Could mining shares be a smart buy for my SIPP?

As a long-term investor, should this writer buy mining shares for his SIPP? Here, he weighs some pros and cons — and explains why he’s out… for now.

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Australian mining giant BHP trying to buy London-listed Anglo American (LSE: AAL) suggests that the people at BHP – who know a lot about mining — find BHP’s valuation attractive.

On the other hand, consolidation can sometimes indicate a sector that is going through difficult times and so players look for economies of scale. At the moment, I do not own Anglo American shares. In fact, I have no miners in my SIPP.

But mining is a sizeable business sector and looks set to stay that way. Man has been pulling thing out of the ground for thousands of years and I do not see that changing any time soon.

Demand for minerals looks set to keep growing as the global economy develops. So am I missing a trick by not having any mining shares?

Highly cyclical industry

A quick look at the economics of Anglo American (or indeed, any of its large rivals) quickly reveals some key points about the mining industry.

It has huge costs – buying the rights to mine and setting up operations is costly. Once that is done, if a project does poorly, the miner typically has to bear the losses. But if it does well, the local government may try to squeeze more tax revenue than anticipated out of the profits. Everyone knows you cannot move a mine.

Demand comes and goes, in line with the ups and downs of the global economy. There will always be some need for copper or iron. But how much depends on the state of the wider economy. If carmaking slumps, for example, demand for iron will be hurt.

As miners have those huge fixed costs to cover, they walk a perpetual tightrope of not wanting to slash production volumes while also wanting to maintain pricing.

The result is that mining can be highly lucrative, but also financially volatile.

In the past five years, for example, Anglo American’s annual revenues have ranged between $25bn and $42bn.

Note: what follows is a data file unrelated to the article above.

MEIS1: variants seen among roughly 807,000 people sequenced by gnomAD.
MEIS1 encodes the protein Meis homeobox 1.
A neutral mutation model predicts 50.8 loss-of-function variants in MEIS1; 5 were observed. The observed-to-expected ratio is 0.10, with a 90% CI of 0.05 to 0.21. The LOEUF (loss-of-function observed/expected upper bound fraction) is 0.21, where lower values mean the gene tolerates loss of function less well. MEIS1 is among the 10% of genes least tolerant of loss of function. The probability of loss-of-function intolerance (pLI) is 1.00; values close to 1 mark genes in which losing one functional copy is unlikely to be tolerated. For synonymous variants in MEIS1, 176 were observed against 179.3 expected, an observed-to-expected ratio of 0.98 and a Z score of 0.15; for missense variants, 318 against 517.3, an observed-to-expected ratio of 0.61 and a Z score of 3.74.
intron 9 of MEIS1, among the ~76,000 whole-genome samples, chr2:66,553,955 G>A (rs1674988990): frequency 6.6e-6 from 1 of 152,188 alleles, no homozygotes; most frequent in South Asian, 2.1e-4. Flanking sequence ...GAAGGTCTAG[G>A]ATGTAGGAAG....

Even more dramatically, annual post-tax profits in the period have been anywhere from $1.2bn to $11.7bn.

Investing for the long term

That sort of financial volatility does not necessarily mean that mining is a bad industry to invest in. If I had bought Anglo American shares for my SIPP five years ago, for example, my investment would now be worth 39% more than I paid.

At one point in 2022, that same investment five years ago would already have more than doubled in value, but Anglo American shares have fallen back since then.

On top of that, I would be earning a 3.8% dividend yield on my investment (the share price rise means the yield if I buy the FTSE 100 miner today is 2.7%).

If I wanted to aim for stable income, mining shares would not be on my shopping list. Just like earnings, Anglo American’s ordinary dividend has moved round dramatically. Last year, it more than halved.

But a SIPP by its very nature is a vehicle for long-term investment. The key to success of investing is buying at the right price – and that is certainly true of cyclical industries like mining. For now, I do not think shares like Anglo American look particularly cheap.

The next time metal prices crash, if mining shares follow, I may consider buying some for my SIPP.

Should you invest, the value of your investment may rise or fall and your capital is at risk. Before investing, your individual circumstances should be assessed. Consider taking independent financial advice.

C Ruane has no position in any of the shares mentioned. The Motley Fool UK has no position in any of the shares mentioned. Views expressed on the companies mentioned in this article are those of the writer and therefore may differ from the official recommendations we make in our subscription services such as Share Advisor, Hidden Winners and Pro. Here at The Motley Fool we believe that considering a diverse range of insights makes us better investors.

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